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By Alex Cole


For many people music can be an escape. Whether they listen to it, write it or go to gigs, it can be a pathway to happiness, freedom and pure enjoyment. Recently I read an article on Vice about the emo genre in the 2000s and in particular focused on the band My Chemical Romance. Despite their break in 2013 (if you’re as ridiculously excited about their comeback as I am, let me know) they’re still one of my favourite bands. Through their dramatic music and powerful lyrics, they had a huge impact on me at all ages.


  The article mentioned the topic of the press’ reaction to the group during the height of their success, which was less than positive. Through their image and lyrics, they branded them as damaging towards their listeners. Despite that emotional music already existed due to bands like ‘The Cure’ in the 1980s and Nirvana the following decade, this new genre was the ‘cause’ for a generation of poor mental health. Although these were “pre existing illness’” the media still believed that these musicians were the issue. Rather than write articles on important matters (it was the 00s, there was many a political issue) or accept undiagnosed and untreated mental health as a real problem, they still chose to target music.


  What people didn’t understand is that "mainstream emo did more for promoting awareness and understanding of mental health amongst young people, during an era of high stigma, than most cultural movements could ever dream of". Ironically, people assumed the movement encouraged negative behaviour, whereas it actually addressed mental health and created a space for people to belong. For example, Gerard Way has frequently talked about his battle with depression and addiction. His brother, bassist Mikey Way, also dealt with mental health issues and (according to sources that I obviously have no idea who or what) Gerard wrote the extremely popular song ‘Famous last words’ about him.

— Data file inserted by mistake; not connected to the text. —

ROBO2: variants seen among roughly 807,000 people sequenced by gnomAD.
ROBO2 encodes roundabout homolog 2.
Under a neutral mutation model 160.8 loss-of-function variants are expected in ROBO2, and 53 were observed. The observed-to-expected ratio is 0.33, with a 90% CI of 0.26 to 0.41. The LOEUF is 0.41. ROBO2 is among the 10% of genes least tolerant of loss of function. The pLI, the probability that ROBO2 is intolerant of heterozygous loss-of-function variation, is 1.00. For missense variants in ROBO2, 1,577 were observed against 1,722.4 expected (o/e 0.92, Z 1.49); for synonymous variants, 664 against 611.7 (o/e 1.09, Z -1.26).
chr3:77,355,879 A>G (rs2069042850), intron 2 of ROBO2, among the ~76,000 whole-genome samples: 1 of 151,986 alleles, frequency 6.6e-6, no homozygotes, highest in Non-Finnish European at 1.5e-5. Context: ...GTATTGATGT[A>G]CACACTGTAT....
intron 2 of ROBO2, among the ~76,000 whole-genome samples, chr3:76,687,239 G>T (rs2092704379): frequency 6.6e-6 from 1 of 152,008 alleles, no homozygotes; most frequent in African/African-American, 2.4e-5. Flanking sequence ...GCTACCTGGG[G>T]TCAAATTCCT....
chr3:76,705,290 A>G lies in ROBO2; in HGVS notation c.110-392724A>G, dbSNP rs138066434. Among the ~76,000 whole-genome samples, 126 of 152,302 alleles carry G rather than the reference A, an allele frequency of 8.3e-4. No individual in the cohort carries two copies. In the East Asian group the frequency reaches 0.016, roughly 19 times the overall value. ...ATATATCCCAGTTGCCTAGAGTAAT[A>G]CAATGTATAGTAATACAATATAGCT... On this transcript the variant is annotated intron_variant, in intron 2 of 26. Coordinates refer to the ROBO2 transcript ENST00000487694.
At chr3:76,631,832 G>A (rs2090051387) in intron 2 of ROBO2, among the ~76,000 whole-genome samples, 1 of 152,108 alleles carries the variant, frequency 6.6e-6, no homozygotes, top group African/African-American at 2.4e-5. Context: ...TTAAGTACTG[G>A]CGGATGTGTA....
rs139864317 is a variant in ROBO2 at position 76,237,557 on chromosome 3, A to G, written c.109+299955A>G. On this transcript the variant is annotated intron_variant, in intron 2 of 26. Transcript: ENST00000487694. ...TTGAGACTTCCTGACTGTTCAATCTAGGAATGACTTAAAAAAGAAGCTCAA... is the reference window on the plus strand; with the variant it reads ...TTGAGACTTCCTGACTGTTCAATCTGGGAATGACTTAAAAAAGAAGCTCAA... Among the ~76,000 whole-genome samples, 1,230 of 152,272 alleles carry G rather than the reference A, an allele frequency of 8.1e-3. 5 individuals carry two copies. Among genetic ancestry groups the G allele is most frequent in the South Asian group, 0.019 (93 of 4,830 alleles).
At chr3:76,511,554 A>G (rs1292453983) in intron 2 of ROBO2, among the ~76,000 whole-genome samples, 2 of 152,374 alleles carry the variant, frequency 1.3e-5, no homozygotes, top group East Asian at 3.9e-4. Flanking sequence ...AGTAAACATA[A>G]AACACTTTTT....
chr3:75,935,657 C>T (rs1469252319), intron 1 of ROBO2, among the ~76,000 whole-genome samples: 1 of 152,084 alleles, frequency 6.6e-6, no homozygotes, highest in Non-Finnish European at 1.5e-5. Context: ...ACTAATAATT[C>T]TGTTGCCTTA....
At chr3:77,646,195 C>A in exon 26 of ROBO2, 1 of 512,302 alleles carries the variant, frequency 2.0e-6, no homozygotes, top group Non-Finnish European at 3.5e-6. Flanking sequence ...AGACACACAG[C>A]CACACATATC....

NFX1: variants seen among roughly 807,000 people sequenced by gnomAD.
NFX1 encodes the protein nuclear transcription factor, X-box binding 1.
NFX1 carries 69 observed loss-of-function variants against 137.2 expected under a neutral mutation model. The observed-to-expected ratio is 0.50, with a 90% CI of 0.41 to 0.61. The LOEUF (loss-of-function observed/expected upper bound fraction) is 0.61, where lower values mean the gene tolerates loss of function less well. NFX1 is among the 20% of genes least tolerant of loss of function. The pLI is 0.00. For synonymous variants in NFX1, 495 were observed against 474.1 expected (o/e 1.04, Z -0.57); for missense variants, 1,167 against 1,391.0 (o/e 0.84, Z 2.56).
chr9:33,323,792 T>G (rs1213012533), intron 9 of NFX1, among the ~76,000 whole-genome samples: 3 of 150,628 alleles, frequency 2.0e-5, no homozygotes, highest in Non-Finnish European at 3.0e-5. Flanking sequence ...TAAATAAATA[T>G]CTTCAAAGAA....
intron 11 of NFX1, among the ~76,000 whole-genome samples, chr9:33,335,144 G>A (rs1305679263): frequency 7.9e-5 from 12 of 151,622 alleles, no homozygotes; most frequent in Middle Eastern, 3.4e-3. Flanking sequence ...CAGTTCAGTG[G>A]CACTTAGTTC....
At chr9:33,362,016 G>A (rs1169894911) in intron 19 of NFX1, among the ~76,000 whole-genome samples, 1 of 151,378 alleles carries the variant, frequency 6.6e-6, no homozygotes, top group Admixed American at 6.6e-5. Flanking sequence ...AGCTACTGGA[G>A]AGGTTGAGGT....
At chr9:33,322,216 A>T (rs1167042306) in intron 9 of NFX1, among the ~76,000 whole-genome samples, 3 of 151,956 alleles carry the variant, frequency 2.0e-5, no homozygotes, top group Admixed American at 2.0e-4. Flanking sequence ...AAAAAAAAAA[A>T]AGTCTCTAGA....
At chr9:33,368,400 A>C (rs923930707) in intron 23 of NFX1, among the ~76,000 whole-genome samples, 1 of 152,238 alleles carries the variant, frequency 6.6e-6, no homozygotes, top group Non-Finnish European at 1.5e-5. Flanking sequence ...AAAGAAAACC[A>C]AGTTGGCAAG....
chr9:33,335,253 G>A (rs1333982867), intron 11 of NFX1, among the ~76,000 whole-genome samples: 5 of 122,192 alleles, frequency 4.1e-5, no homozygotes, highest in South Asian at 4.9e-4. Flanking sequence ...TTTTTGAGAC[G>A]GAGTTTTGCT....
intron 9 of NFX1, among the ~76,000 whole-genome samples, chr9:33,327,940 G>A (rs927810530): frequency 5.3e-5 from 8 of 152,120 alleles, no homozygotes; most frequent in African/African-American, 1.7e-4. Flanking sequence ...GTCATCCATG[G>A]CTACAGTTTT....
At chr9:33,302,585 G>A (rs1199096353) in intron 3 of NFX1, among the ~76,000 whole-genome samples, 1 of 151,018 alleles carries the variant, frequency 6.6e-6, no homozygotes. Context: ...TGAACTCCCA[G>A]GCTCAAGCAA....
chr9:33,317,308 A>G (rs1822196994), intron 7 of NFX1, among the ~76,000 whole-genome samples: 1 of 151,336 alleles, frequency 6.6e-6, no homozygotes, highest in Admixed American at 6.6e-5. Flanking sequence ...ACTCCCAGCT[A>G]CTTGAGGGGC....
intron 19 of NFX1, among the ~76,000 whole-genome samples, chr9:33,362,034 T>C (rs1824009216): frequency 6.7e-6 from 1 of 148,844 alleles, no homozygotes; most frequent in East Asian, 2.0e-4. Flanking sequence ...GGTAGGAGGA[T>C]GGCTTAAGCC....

These bands wrote about mental health because they too experienced it. They wrote music that audiences needed in a time when the stigma around the subject was at its high. MCR’S music was relatable. It was reflective. But overall, it was different. They challenged stereotypes and the “existing codes of masculinity”. They’re one of my favourite bands because they created art not just for themselves, but for those who needed guidance. Their lyrics remain powerful and still speak to adults who were once the kids who needed them. Now another generation of kids are finding the help they need through them, proving how truly powerful their music was. The skinny jeans and heavy eyeliner might have disappeared over time, but the emotion created by musicians such as My Chemical Romance will never fade. Through music, people can find hope, happiness and understand that mental health is real.


  So whether you’re still an emo kid or you find yourself listening to the best hip-hop records of all time, remember music matters. It has the power to change minds and change lives.

If you want to read the Vice article, click the link below!

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